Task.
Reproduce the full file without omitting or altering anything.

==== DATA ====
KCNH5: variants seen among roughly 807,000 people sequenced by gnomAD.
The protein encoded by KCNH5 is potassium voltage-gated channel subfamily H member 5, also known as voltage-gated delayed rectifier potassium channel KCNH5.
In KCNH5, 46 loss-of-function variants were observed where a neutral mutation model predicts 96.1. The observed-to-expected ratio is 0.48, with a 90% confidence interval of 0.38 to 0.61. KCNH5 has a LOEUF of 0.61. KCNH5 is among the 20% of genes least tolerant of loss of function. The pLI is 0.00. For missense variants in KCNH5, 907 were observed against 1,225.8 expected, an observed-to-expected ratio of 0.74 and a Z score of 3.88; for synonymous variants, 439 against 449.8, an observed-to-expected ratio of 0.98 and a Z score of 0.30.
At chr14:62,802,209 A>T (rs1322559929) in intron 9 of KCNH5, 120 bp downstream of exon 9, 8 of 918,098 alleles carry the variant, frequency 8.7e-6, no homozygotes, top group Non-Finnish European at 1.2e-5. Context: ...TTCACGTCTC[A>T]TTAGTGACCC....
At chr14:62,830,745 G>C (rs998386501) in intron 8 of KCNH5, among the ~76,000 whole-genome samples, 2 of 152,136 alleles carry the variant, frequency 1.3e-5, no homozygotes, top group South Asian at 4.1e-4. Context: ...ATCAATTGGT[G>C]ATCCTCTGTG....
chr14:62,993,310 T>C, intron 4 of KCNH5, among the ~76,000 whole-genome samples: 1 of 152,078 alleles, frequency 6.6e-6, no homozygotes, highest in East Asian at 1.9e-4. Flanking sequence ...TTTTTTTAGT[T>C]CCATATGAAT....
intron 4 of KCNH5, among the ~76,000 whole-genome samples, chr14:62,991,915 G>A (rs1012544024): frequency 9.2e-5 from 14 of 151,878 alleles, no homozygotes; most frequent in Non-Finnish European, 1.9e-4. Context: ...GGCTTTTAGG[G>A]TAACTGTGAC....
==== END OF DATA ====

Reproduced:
KCNH5: variants seen among roughly 807,000 people sequenced by gnomAD.
The protein encoded by KCNH5 is potassium voltage-gated channel subfamily H member 5, also known as voltage-gated delayed rectifier potassium channel KCNH5.
In KCNH5, 46 loss-of-function variants were observed where a neutral mutation model predicts 96.1. The observed-to-expected ratio is 0.48, with a 90% confidence interval of 0.38 to 0.61. KCNH5 has a LOEUF of 0.61. KCNH5 is among the 20% of genes least tolerant of loss of function. The pLI is 0.00. For missense variants in KCNH5, 907 were observed against 1,225.8 expected, an observed-to-expected ratio of 0.74 and a Z score of 3.88; for synonymous variants, 439 against 449.8, an observed-to-expected ratio of 0.98 and a Z score of 0.30.
At chr14:62,802,209 A>T (rs1322559929) in intron 9 of KCNH5, 120 bp downstream of exon 9, 8 of 918,098 alleles carry the variant, frequency 8.7e-6, no homozygotes, top group Non-Finnish European at 1.2e-5. Context: ...TTCACGTCTC[A>T]TTAGTGACCC....
At chr14:62,830,745 G>C (rs998386501) in intron 8 of KCNH5, among the ~76,000 whole-genome samples, 2 of 152,136 alleles carry the variant, frequency 1.3e-5, no homozygotes, top group South Asian at 4.1e-4. Context: ...ATCAATTGGT[G>C]ATCCTCTGTG....
chr14:62,993,310 T>C, intron 4 of KCNH5, among the ~76,000 whole-genome samples: 1 of 152,078 alleles, frequency 6.6e-6, no homozygotes, highest in East Asian at 1.9e-4. Flanking sequence ...TTTTTTTAGT[T>C]CCATATGAAT....
intron 4 of KCNH5, among the ~76,000 whole-genome samples, chr14:62,991,915 G>A (rs1012544024): frequency 9.2e-5 from 14 of 151,878 alleles, no homozygotes; most frequent in Non-Finnish European, 1.9e-4. Context: ...GGCTTTTAGG[G>A]TAACTGTGAC....